Washington D.C. unveils Empowerhouse, a new energy-efficient house designed to consume 90 percent less energy than the average home

As part of an ongoing effort to promote the benefits of sustainable living, students from Parsons The New School of Design and Stevens Institute of Technology teamed up to build Empowerhouse, an affordable, energy-efficient home, as part of the U.S Department of Energy's Solar Decathalon competition.

According to design news website Dexigner, the two-family house, which is in Washington D.C.'s Deanwood neighborhood, features a "site net-zero" system. This means that it will produce as much energy as it consumes, costing its inhabitants absolutely nothing in annual utility bills.

The total cost of building the house was $250,000, and its key features include recycling rain and tap water and using solar panels as a source of heat. Ultimately it will consume 90 percent less energy for heating and cooling than an average home, requiring the amount of power needed to operate a hair dryer, reports Dexigner.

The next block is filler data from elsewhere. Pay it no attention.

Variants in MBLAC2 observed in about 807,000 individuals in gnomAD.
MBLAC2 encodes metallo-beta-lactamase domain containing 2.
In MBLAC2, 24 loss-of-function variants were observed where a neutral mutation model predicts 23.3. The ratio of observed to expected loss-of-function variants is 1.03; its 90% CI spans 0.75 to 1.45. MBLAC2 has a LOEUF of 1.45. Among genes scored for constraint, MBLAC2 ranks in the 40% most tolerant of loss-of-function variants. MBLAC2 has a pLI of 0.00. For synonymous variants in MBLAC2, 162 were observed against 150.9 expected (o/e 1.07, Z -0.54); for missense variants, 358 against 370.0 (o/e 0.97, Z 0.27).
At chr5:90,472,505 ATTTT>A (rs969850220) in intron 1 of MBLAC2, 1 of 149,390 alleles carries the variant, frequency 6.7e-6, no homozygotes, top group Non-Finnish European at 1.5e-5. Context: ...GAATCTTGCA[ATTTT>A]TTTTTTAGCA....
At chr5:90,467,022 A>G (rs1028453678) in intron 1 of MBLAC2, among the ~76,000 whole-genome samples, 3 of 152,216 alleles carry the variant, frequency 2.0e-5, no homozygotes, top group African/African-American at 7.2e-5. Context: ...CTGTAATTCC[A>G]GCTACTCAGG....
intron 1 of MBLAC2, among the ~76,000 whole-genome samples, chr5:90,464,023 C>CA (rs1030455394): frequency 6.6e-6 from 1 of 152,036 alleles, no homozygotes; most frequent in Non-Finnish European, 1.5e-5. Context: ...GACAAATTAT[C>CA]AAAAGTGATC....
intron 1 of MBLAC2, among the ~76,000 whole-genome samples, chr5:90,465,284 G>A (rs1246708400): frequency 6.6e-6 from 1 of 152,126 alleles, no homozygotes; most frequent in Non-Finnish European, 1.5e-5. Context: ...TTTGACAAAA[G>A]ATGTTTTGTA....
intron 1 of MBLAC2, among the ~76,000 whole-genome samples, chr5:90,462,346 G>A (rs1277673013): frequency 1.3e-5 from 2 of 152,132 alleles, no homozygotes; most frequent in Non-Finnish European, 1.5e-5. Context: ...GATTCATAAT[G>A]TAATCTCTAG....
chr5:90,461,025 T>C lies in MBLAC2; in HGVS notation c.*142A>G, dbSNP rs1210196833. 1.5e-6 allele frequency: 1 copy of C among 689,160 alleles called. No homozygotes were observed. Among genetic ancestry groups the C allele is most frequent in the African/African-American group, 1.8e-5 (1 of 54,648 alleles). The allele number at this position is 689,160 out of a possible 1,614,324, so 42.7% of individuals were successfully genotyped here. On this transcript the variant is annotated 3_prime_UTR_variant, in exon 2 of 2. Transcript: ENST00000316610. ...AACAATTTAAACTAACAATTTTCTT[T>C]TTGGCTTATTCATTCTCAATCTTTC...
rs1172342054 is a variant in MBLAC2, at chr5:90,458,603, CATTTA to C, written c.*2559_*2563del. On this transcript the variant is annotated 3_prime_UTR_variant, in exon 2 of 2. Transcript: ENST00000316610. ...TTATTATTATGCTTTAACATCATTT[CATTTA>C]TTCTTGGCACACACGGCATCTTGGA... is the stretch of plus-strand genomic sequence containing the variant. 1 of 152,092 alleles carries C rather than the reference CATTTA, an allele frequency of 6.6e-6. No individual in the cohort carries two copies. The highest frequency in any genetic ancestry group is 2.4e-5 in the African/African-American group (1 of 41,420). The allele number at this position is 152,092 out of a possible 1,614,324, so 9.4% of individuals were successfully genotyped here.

Executive dean of Parsons The New School of Design, Joel Towers, told local radio station WTOP that their goal was to create a home that would endure in a meaningful way after the competition was over.

Lakiya Culley, who will move into one unit of the house in January with her three sons, says that this whole experience, including the money her family will save on cost-of-living expenses, has changed her and her family's life significantly.

"It was, like, surreal when I stepped into the finished product," Culley told WTOP. "I was amazed. It was more than I could even imagine."

For homeowners hoping to make similar energy-efficient upgrades to their houses, the best way to start is with a home inspection. There are professionals who can assess your property and help you determine cost-effective actions you can take to convert to a more sustainable lifestyle.